12. 12. Managing Risk Through Trust, Visibility, and Resilience DGI Government Solutions Forum March 1, 2011 Dr. Ron Ross Computer Security Division Information Technology LaboratoryNATIONAL INSTITUTE OF STANDARDS AND TECHNOLOGY 12
  13. 13. The Stuxnet WormTargeting critical infrastructure companies— Infected industrial control systems around the world. Uploads payload to Programmable Logic Controllers. Gives attacker control of the physical system. Provides back door to steal data and remotely and secretly control critical plant operations. Found in Siemens Simatic Win CC software used to control industrial manufacturing and utilities. NATIONAL INSTITUTE OF STANDARDS AND TECHNOLOGY 13
  14. 14. The Flash Drive IncidentTargeting U.S. Department of Defense— Malware on flash drive infected military laptop computer at base in Middle East. Foreign intelligence agency was source of malware. Malware uploaded itself to Central Command network. Code spread undetected to classified and unclassified systems establishing digital beachhead. Rogue program poised to silently steal military secrets. NATIONAL INSTITUTE OF STANDARDS AND TECHNOLOGY 14
  15. 15. The Stolen Laptop IncidentU.S. Department of Veterans Affairs— VA employee took laptop home with over 26 million veterans records containing personal information. Laptop was stolen from residence and information was not protected. Law enforcement agency recovered laptop; forensic analysis indicated no compromise of information. Incident prompted significant new security measures and lessons learned. NATIONAL INSTITUTE OF STANDARDS AND TECHNOLOGY 15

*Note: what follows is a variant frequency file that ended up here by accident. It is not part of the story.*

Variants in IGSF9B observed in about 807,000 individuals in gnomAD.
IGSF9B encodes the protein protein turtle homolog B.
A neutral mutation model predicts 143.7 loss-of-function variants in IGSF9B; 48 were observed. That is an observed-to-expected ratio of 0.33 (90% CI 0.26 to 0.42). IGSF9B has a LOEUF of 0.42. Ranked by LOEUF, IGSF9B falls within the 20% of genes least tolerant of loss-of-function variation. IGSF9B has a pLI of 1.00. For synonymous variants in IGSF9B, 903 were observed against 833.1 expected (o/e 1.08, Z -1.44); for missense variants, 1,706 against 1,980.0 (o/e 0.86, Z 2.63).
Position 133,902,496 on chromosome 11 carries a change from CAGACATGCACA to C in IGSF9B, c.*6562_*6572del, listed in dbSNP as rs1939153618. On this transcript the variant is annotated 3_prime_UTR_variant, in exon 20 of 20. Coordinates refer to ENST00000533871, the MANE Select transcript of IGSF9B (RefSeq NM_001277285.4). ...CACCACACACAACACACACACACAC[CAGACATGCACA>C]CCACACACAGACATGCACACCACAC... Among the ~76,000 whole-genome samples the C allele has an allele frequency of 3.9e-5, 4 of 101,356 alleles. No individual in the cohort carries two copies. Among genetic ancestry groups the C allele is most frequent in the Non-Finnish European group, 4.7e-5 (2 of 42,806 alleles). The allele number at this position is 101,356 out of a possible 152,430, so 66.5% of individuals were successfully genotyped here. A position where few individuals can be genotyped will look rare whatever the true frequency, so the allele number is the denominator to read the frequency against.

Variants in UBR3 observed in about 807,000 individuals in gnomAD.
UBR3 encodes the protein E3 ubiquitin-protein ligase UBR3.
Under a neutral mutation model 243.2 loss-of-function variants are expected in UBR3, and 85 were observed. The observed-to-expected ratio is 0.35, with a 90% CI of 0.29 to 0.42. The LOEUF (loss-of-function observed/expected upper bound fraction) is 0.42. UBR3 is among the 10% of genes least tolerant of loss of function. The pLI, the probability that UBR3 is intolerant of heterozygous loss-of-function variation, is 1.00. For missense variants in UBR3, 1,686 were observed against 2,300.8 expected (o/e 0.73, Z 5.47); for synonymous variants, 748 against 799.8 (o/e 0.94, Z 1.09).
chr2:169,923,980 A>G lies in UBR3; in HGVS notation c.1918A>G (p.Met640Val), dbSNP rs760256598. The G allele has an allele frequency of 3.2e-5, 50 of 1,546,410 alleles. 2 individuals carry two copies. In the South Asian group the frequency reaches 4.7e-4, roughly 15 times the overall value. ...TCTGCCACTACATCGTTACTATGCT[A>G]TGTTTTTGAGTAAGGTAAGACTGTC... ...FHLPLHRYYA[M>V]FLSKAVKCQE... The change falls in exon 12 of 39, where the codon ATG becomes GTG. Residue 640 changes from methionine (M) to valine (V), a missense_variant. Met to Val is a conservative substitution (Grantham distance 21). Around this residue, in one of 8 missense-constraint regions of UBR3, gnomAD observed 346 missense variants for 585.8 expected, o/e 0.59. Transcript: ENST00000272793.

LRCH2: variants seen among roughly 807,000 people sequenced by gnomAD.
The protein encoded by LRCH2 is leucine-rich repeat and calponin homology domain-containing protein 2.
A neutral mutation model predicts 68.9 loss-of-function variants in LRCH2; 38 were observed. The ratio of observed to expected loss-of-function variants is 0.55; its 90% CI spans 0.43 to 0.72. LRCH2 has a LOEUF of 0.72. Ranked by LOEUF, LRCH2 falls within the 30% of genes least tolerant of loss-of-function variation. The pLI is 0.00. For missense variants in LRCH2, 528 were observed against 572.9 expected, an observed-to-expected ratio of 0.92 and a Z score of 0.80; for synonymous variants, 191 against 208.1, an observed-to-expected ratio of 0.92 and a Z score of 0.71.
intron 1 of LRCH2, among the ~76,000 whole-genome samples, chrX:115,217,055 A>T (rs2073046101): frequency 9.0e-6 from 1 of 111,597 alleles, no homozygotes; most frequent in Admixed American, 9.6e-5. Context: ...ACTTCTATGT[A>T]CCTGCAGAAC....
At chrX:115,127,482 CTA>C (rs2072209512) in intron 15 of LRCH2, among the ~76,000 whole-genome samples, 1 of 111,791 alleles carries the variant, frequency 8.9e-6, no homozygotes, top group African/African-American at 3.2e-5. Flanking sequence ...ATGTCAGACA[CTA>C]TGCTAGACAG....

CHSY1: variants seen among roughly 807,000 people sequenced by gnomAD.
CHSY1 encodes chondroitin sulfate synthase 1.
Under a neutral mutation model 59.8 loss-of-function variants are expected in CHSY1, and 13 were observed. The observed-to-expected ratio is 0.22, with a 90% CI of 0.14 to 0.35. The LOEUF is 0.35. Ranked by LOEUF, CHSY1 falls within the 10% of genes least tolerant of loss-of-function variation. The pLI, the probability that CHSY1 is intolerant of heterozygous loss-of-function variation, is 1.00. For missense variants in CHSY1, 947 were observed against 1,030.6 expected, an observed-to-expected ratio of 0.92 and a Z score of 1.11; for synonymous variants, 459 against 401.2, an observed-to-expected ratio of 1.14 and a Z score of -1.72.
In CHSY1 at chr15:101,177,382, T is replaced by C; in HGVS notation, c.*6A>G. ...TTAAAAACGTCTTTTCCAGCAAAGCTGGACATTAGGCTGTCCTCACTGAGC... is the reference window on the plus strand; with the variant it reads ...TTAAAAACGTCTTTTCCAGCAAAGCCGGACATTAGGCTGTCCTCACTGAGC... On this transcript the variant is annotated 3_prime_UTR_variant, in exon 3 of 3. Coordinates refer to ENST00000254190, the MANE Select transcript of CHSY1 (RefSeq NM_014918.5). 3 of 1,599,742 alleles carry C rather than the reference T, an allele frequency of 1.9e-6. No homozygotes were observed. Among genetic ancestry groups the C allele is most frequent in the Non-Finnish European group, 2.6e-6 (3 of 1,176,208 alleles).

16. 16. “Red Zone” Information SecurityNATIONAL INSTITUTE OF STANDARDS AND TECHNOLOGY 16
  17. 17. The New SP 800-39Multi-tiered Risk Management Approach STRATEGIC RISKImplemented by the Risk Executive Function FOCUSEnterprise Architecture and SDLC Focus TIER 1Flexible and Agile Implementation Organization (Governance) TIER 2 Mission / Business Process (Information and Information Flows) TACTICAL RISK FOCUS TIER 3 Information System (Environment of Operation) NATIONAL INSTITUTE OF STANDARDS AND TECHNOLOGY 17
  18. 18. Tier 1 – OrganizationGovernanceRisk management strategyInvestment strategyRisk toleranceTrustTransparencyCulture NATIONAL INSTITUTE OF STANDARDS AND TECHNOLOGY 18